• Hi Greg,

      Their may be two reasons. First, if you have a Scotia MasterCard, it’s likely an old Sears card. Scotia has grandfathered the no foreign transaction fee benefit on the old Sears cards it converted. The difference between the two exchange rates is pretty close to 2.5%, which is the foreign transaction fee TD charges.

      The second possibility, is that Visa typically charges a higher foreign exchange rate than MasterCard. We know from our own studies that Visa on average charges 30 basis points more than MasterCard. The problem is, the delta here is over 200 basis points.

      Hope that helps,

      GreedyRates Staff

  39. I believe your comparisons aren’t exactly apples to apples. I’ve had the Chase Marriot Visa (no foreign exchange fee) card for almost 5 years. When I post a transaction in another currency it’s at the spot rate on the forex for that day (at the close). You can go to xe.com and compare. There’s no silly “Visa exchage rate” games going on. Also, for the annual fee you get a free night stay at a Marriot hotel every year so for me the card is free and usually the free night stay is worth more than the annual fee. Great card, highly recommended.

    • Hi Greg,

      While Visa and MC rates are pretty close to the spot rate, they are slightly higher, and each credit card issuer does apply the respective Visa and/or MC rates to foreign exchange – it is not set by the issuing bank.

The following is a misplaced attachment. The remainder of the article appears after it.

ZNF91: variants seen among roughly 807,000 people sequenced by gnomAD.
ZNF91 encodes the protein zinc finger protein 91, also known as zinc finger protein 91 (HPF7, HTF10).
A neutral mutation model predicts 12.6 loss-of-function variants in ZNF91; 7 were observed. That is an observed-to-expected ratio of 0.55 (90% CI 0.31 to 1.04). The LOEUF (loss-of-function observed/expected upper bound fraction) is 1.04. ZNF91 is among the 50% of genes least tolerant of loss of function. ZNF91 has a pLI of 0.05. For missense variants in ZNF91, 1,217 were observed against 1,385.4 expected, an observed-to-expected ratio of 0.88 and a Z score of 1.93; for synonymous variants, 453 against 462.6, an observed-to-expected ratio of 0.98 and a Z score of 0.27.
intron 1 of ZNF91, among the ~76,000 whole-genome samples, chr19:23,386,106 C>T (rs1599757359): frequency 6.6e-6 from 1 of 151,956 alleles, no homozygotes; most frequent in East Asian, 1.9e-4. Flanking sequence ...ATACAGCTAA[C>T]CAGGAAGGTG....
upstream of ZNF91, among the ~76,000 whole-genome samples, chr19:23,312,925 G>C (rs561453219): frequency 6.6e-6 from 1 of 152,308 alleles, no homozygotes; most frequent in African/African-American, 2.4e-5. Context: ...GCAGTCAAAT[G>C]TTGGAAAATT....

We took your comments to heart and compared XE.com to the Visa exchanged rates, published by Visa. When comparing July 26th, XE.com had a spot rate of 1.32124, while Visa had a published rate of 1.324368. Like we said, the difference is not huge, but it does exist nonetheless. We actually did an extensive study on this subject over a 52 week period. It demonstrably proved the Visa and MC exchange rates were over spot, but not by much.

      We agree the Mariott card is a GREAT card, especially if you can take advantage of its free nights welcome bonus with no first year annual fee. As you mentioned, the annual free night stay offsets the annual fee.

      Thanks for the comments!

      GreedyRates Staff

  40. I’m not sure if my situation is relevant here, but… I am a retired dual citizen of Canada AND the US, and I have a small pension in both countries. I spend roughly half time in each place and have a bank account in both countries (TD Bank in Canada and a small community bank in the US). My wife insists that using our American credit card in Canada is cheaper than using our Canadian card as the exchange rate is so good. I believe that we would still be losing $ doing that as the fees and exchange would make spending American $ in Canada MORE expensive. Am I missing something here?